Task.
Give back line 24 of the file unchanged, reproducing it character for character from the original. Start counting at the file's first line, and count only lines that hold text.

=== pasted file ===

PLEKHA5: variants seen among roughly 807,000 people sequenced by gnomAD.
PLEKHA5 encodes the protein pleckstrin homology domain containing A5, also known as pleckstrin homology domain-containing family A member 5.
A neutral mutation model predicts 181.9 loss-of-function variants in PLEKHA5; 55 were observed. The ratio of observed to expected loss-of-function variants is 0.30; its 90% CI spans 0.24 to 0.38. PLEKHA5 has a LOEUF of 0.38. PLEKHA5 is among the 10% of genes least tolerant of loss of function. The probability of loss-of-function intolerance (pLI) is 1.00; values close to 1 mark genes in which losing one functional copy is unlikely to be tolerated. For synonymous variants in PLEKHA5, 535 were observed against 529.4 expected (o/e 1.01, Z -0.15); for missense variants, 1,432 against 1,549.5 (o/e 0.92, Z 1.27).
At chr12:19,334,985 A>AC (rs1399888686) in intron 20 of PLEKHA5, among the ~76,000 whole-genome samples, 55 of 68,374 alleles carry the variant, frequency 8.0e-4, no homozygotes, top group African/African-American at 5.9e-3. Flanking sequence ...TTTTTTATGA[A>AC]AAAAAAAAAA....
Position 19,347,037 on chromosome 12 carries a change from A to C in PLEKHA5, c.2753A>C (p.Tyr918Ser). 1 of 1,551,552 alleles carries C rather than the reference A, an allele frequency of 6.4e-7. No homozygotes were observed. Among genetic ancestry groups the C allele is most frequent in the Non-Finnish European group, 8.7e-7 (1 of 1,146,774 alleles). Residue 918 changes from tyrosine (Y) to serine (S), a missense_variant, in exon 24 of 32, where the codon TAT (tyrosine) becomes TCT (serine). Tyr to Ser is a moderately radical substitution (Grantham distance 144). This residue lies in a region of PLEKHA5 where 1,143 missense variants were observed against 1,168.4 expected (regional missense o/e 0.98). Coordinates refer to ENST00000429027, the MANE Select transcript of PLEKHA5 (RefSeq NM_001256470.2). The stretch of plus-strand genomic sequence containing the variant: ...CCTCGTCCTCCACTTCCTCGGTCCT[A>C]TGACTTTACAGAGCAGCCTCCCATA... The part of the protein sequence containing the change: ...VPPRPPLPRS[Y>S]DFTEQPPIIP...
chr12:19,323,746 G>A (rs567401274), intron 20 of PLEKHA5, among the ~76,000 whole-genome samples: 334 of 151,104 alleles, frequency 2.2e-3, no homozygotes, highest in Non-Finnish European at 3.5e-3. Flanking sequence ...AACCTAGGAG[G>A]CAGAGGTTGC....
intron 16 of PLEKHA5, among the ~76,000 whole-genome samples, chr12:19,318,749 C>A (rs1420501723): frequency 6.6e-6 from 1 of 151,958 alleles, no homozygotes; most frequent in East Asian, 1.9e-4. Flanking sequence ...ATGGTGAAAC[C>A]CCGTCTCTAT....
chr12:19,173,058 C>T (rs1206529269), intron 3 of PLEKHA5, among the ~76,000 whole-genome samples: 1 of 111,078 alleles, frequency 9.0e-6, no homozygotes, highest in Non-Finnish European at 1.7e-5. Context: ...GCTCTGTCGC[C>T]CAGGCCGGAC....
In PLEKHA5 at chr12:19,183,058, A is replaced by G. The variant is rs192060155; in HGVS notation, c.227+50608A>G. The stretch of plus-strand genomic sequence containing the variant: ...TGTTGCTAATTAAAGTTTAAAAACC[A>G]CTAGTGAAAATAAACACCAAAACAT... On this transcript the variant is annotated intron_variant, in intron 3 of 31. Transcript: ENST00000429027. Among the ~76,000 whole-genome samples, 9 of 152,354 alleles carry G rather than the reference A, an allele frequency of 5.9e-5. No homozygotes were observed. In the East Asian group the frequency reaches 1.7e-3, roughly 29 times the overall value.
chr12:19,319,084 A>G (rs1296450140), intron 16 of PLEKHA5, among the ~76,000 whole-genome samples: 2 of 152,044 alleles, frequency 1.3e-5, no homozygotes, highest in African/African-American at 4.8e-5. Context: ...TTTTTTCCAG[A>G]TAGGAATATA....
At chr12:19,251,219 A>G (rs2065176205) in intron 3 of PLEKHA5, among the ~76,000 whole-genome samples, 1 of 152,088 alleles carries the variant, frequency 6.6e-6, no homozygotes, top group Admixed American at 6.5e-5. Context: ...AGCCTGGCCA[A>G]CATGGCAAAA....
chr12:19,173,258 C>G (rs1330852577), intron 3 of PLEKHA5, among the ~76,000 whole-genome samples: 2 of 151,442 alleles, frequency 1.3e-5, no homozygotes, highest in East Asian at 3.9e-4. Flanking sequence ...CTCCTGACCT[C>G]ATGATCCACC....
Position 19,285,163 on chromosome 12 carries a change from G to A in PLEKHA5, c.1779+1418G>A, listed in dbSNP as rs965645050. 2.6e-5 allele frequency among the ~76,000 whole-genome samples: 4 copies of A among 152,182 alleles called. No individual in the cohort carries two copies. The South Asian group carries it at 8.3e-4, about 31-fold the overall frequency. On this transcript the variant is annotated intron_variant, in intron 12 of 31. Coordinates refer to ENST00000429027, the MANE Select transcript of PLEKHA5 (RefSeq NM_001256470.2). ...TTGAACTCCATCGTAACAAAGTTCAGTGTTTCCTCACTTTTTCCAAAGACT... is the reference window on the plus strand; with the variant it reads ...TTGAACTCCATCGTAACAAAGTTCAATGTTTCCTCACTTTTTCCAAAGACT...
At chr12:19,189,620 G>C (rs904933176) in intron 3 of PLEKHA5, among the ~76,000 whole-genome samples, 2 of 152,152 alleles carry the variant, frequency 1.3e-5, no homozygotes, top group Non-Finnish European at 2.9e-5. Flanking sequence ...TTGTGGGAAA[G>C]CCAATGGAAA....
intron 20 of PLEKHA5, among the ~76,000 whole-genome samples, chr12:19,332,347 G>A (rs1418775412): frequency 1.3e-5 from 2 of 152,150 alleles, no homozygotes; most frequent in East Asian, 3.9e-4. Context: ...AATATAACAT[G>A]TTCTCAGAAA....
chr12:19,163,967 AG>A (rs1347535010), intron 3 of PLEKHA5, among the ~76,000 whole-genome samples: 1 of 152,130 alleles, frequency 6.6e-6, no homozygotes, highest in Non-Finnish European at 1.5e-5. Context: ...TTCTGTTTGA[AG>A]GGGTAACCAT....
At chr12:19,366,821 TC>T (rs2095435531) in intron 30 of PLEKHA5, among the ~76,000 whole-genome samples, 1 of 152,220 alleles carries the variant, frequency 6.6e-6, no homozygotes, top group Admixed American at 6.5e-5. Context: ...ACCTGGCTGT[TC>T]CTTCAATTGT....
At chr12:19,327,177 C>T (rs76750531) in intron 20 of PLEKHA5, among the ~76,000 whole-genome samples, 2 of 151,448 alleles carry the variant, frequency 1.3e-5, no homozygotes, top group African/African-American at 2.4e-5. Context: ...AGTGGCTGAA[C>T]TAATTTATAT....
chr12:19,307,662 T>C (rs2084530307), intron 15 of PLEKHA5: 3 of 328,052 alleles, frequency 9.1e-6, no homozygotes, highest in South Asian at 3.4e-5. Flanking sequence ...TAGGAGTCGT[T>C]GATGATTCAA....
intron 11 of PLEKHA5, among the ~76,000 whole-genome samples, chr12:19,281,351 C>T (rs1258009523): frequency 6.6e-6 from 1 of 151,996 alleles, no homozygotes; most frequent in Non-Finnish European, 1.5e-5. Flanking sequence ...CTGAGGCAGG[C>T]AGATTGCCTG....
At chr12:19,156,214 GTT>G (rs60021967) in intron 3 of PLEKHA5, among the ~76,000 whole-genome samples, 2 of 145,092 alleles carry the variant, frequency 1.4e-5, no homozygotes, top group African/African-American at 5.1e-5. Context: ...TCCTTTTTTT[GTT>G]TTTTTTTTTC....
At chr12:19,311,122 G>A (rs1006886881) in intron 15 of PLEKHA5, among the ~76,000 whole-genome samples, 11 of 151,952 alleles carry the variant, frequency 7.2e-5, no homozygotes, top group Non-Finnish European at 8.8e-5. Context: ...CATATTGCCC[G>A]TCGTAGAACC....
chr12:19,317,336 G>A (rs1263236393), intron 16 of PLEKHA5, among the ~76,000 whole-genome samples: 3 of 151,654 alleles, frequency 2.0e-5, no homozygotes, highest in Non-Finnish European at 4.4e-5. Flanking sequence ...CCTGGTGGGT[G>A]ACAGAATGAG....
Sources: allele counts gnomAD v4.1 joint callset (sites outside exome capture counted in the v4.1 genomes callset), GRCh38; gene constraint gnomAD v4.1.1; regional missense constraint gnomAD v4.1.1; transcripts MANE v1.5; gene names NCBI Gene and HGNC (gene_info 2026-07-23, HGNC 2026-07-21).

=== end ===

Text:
Sources: allele counts gnomAD v4.1 joint callset (sites outside exome capture counted in the v4.1 genomes callset), GRCh38; gene constraint gnomAD v4.1.1; regional missense constraint gnomAD v4.1.1; transcripts MANE v1.5; gene names NCBI Gene and HGNC (gene_info 2026-07-23, HGNC 2026-07-21).